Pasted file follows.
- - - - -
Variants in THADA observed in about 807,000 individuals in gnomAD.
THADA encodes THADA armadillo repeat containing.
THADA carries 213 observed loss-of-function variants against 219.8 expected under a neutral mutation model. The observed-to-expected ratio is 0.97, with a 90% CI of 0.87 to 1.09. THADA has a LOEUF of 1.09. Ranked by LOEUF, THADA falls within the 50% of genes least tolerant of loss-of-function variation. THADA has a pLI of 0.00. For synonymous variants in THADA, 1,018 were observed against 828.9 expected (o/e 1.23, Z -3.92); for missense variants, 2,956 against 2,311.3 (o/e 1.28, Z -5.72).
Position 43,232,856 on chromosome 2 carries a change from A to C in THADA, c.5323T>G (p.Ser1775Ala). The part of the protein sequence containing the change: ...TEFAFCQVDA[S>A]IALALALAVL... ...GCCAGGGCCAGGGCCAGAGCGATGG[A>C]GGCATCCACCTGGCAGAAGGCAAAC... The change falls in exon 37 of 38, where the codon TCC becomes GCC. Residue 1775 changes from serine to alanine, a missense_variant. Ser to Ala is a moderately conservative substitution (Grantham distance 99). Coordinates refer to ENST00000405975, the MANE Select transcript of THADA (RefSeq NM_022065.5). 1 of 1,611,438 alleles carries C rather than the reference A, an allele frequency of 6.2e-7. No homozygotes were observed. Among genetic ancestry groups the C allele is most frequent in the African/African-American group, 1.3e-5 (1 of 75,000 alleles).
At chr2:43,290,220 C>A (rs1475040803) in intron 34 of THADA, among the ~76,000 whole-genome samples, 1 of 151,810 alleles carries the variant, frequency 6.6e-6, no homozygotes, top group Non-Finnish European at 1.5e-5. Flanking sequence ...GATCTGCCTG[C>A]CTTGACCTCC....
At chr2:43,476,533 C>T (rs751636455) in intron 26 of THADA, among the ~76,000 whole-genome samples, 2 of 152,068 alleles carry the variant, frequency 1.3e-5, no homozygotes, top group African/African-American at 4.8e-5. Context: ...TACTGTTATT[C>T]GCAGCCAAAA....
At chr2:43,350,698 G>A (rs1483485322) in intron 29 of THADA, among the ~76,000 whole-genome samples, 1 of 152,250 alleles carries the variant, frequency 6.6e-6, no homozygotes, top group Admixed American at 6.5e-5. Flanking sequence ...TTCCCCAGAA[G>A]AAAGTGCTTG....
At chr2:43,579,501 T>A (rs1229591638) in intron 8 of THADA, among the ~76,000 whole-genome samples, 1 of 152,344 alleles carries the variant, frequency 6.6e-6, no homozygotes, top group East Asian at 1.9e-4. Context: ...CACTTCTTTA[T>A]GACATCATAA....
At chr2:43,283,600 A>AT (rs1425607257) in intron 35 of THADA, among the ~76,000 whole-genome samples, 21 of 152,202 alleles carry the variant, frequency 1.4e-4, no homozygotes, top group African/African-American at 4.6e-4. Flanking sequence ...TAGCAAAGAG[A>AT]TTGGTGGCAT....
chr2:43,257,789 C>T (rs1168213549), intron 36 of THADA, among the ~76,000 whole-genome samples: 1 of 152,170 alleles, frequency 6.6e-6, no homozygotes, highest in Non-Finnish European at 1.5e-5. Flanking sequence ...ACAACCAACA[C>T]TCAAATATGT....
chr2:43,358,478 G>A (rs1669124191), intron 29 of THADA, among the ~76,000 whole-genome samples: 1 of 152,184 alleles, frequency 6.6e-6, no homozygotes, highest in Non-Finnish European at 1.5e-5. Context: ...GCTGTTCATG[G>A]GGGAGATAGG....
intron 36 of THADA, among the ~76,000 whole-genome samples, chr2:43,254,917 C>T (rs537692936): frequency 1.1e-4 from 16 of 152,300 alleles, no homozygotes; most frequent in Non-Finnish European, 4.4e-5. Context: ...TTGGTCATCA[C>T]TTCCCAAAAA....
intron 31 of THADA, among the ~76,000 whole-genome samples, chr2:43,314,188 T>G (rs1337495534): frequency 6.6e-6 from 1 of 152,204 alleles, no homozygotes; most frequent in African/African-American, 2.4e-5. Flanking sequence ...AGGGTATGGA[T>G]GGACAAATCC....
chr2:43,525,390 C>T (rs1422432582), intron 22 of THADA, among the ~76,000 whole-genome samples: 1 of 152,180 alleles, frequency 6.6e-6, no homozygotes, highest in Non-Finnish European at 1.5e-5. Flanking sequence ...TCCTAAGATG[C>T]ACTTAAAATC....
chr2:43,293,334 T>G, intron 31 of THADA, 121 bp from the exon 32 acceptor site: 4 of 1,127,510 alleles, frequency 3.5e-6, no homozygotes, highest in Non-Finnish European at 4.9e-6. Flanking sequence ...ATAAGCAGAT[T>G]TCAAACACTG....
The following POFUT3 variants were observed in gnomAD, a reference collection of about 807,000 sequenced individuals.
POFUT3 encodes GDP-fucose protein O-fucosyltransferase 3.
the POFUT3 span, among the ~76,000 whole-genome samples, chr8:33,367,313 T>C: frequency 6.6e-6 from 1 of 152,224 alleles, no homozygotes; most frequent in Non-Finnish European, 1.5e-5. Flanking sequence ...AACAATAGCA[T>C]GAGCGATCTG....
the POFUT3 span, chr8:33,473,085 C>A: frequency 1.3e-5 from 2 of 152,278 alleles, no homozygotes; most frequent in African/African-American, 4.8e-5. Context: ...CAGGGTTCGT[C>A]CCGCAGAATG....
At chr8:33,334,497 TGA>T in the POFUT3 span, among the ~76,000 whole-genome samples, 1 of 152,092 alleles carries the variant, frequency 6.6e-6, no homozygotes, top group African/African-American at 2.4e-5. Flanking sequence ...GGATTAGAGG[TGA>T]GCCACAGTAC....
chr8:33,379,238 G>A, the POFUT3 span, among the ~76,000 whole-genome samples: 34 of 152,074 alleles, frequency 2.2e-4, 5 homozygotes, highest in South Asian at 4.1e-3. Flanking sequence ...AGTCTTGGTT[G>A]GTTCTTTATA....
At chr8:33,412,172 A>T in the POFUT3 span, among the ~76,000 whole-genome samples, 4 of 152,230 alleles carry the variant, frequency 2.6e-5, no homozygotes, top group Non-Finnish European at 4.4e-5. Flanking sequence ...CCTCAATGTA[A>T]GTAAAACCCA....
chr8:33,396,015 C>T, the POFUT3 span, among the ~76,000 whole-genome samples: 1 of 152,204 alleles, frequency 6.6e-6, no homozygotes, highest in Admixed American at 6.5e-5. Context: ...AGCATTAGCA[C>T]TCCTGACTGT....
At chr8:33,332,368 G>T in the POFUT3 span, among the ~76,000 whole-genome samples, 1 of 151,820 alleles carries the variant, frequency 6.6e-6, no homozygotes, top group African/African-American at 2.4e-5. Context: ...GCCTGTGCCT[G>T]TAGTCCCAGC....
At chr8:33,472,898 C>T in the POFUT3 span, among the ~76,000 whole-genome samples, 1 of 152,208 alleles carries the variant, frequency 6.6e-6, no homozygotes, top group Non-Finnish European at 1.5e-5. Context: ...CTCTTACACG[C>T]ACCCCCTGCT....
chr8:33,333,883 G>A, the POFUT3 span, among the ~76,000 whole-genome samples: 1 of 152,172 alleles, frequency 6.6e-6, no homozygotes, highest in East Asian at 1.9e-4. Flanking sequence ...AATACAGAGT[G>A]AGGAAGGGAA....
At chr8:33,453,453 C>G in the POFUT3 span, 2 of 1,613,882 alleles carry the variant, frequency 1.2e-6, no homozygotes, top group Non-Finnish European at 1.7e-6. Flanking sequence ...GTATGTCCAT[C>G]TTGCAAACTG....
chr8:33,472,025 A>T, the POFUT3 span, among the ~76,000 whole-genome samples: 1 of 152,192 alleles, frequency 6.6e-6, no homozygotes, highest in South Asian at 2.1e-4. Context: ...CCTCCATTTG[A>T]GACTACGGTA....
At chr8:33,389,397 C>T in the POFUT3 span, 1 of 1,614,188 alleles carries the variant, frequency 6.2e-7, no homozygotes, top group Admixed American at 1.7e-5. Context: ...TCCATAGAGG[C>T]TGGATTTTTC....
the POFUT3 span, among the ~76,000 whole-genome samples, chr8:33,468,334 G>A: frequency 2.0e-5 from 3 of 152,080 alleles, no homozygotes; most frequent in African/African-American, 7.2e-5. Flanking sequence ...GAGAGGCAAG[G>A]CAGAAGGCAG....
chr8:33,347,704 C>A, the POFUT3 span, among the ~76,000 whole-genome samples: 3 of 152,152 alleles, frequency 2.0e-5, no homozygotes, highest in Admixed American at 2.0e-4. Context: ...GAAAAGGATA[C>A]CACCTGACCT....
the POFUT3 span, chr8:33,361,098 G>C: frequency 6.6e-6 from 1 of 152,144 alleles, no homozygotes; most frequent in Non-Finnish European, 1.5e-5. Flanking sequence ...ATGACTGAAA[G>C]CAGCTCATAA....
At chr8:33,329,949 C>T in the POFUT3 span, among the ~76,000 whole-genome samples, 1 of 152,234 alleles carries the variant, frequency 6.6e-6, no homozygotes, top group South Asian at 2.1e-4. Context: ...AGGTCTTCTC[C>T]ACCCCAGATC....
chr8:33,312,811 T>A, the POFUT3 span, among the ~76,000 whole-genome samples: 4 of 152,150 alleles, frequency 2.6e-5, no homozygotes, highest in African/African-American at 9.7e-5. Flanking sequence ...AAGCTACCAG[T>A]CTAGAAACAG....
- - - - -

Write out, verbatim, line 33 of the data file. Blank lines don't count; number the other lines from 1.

At chr8:33,329,949 C>T in the POFUT3 span, among the ~76,000 whole-genome samples, 1 of 152,234 alleles carries the variant, frequency 6.6e-6, no homozygotes, top group South Asian at 2.1e-4. Context: ...AGGTCTTCTC[C>T]ACCCCAGATC....